Silicon Valley tech giant NVIDIA, which is best known as a hardware company for graphic processing units, is one of the latest companies to look into the telemedicine space.
Researchers at the company are working on an automated speech recognition and natural language processing technology that can transcribe and organize information from a telemedicine visit both for the patient and clinicians. The tool is specifically trained to understand clinical and biomedical language. The application framework, dubbed Jarvis, is not yet on the market but is available for early access.
Yesterday research data about the tool was presented at the Conference on Machine Intelligence in Medical Imaging. The data demonstrated promising results about the tech's ability to accurately automate a speech recognition system that captures clinical names.
While the initial research has been focused on transcribing for telemedicine, in the future there could be other medical applications for the technology.
"This particular one was trained on large biomedical text and then a smaller set of clinical text ... but if we had a large amount of clinical notes like radiologist reports then the language processing trained on them would be kick-ass on recognizing radiologists reports" Hoo-Chang Shin, research scientist at NVIDIA, told MobiHealthNews. "It would be so much better at transcribing radiologist reports and also we have even more recognition of named entities or disease names, or possibly planned treatments, and so on."
WHY IT MATTERS
Researchers at NVIDIA are pitching this as a way to help patients leave telemedicine visits with more information and notes.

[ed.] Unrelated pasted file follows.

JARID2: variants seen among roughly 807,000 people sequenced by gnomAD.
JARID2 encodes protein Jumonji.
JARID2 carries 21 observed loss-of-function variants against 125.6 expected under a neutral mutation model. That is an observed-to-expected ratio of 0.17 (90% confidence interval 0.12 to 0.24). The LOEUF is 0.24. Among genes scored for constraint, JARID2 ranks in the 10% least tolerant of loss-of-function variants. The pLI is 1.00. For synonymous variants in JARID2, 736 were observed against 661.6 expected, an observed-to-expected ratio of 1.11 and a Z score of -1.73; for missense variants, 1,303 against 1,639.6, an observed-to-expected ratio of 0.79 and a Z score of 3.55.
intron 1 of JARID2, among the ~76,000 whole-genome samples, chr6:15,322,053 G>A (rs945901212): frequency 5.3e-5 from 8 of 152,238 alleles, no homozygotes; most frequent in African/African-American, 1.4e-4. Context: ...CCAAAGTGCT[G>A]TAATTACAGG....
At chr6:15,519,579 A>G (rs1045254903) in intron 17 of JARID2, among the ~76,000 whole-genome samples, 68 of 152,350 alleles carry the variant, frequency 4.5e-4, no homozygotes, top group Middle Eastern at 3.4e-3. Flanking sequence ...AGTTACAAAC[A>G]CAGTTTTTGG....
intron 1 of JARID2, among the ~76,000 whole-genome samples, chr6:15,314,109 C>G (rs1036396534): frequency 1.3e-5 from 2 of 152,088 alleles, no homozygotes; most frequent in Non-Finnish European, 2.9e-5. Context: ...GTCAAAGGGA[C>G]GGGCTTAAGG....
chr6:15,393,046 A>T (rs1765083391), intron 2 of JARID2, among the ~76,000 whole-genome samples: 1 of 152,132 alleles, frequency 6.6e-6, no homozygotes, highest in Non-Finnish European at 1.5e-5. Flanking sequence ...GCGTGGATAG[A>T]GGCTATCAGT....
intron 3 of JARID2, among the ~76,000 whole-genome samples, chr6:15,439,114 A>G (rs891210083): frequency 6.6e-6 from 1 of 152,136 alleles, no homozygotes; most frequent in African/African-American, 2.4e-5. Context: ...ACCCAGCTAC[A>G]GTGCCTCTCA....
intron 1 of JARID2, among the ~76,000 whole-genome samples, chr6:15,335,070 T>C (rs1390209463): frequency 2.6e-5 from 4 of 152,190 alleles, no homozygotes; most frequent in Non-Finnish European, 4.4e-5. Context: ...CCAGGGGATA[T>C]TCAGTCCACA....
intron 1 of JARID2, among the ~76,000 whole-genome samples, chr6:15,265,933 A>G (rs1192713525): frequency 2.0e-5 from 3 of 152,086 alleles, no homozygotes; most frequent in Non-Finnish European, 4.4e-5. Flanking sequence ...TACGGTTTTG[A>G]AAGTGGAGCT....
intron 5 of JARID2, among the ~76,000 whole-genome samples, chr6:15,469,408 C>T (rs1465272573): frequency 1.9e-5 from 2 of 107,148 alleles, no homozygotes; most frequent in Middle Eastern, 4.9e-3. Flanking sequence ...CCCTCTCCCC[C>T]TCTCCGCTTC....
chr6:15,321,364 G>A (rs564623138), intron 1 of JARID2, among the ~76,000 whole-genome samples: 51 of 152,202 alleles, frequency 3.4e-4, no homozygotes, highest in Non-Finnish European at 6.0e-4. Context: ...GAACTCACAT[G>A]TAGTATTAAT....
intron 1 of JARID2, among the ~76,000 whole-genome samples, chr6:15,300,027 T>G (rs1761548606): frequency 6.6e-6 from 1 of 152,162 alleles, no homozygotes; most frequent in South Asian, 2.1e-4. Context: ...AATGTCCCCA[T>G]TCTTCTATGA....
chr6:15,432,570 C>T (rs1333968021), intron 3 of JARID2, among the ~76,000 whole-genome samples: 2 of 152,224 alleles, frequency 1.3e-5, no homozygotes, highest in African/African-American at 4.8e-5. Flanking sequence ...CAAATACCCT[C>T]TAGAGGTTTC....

Shin, who served as the lead researcher on the project, gave the example, of using telemedicine when his three-year old daughter got a potentially dangerous bug bite.
"The doctor wanted me to show [my daughter's] leg on the web. I was holding my webcam with one hand and with the other hand I'm holding my daughter's swollen leg," Shin said. "As he was seeing my daughter's leg he was saying what could have possibly happened –what kind of bug might have bitten her, what kind of drug to apply to her infected area, and what kinds of drugs she needs to take to prevent further swelling. It went so fast. My two hands were tied with the webcam and my daughter's leg so I couldn't write it down."
While Shin comes from a tech savvy background, Dr. Mona Flores, Global Head of Medical AI at NVIDIA, argued that this tool could be most effective for patients who have less of a background in tech.
"You can imagine an 80-year old trying to do the same and how difficult it would be for them to gather everything that they need, and to document, and remember what happened, and can go and ask questions or share what they learned from their doctor with a loved one or the family," she told MobiHealthNews. "You can image a platform like this is very useful the more technically challenged you are ... You don't have to worry about taking notes. Whether you are the physician, or patient for that matter, you can come back to a faithful transcription of what's happened and be able to ingest it at your own pace."
THE LARGER TREND
This is hardly NVIDIA's first time in the healthcare space. Much of its efforts have centered on radiology. In 2018, it released its AI platform, called Clara, that uses AI to create a virtual medical imaging platform. Then in 2019 it launched the Clara AI toolkit for radiologists, which included 13 classifications, and also segmentation AI and software tools.
It has also dipped into the genomics space. In October of 2018 it teamed up with Scripps Research Translational Institute on an AI and deep learning tool to help analyze genomic and digital health sensor data.